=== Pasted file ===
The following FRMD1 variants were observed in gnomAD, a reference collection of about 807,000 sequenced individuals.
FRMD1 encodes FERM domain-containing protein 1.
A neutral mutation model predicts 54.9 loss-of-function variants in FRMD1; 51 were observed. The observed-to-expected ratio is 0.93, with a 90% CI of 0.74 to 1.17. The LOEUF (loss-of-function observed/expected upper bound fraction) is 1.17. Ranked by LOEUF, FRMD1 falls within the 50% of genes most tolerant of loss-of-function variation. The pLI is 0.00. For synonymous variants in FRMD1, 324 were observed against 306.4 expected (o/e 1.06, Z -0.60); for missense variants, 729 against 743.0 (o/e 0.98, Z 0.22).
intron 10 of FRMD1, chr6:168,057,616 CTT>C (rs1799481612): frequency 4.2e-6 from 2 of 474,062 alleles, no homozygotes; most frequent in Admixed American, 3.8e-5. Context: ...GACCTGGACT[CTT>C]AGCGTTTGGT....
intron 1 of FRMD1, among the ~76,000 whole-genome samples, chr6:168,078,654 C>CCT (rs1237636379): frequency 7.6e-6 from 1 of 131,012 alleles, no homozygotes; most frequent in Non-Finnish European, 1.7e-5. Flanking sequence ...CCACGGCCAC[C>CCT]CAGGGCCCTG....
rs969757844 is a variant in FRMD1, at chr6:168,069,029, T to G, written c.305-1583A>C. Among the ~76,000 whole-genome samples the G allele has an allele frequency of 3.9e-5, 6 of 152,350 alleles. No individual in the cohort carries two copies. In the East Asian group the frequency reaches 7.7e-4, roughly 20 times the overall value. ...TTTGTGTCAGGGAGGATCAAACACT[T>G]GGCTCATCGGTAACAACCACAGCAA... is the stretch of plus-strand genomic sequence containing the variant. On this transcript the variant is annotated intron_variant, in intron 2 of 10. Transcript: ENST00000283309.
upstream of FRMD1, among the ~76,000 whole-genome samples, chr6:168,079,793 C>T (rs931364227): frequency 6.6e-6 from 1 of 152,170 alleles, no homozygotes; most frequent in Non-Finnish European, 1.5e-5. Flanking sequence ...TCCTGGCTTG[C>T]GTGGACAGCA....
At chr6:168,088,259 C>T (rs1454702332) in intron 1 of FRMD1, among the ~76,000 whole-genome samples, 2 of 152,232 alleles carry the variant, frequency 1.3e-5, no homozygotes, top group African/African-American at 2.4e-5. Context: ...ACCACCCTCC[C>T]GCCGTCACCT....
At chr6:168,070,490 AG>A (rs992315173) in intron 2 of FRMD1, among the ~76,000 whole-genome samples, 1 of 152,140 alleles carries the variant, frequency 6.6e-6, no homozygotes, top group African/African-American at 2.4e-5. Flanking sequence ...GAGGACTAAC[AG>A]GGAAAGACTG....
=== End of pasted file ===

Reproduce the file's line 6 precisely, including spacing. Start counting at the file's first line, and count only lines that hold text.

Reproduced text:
rs969757844 is a variant in FRMD1, at chr6:168,069,029, T to G, written c.305-1583A>C. Among the ~76,000 whole-genome samples the G allele has an allele frequency of 3.9e-5, 6 of 152,350 alleles. No individual in the cohort carries two copies. In the East Asian group the frequency reaches 7.7e-4, roughly 20 times the overall value. ...TTTGTGTCAGGGAGGATCAAACACT[T>G]GGCTCATCGGTAACAACCACAGCAA... is the stretch of plus-strand genomic sequence containing the variant. On this transcript the variant is annotated intron_variant, in intron 2 of 10. Transcript: ENST00000283309.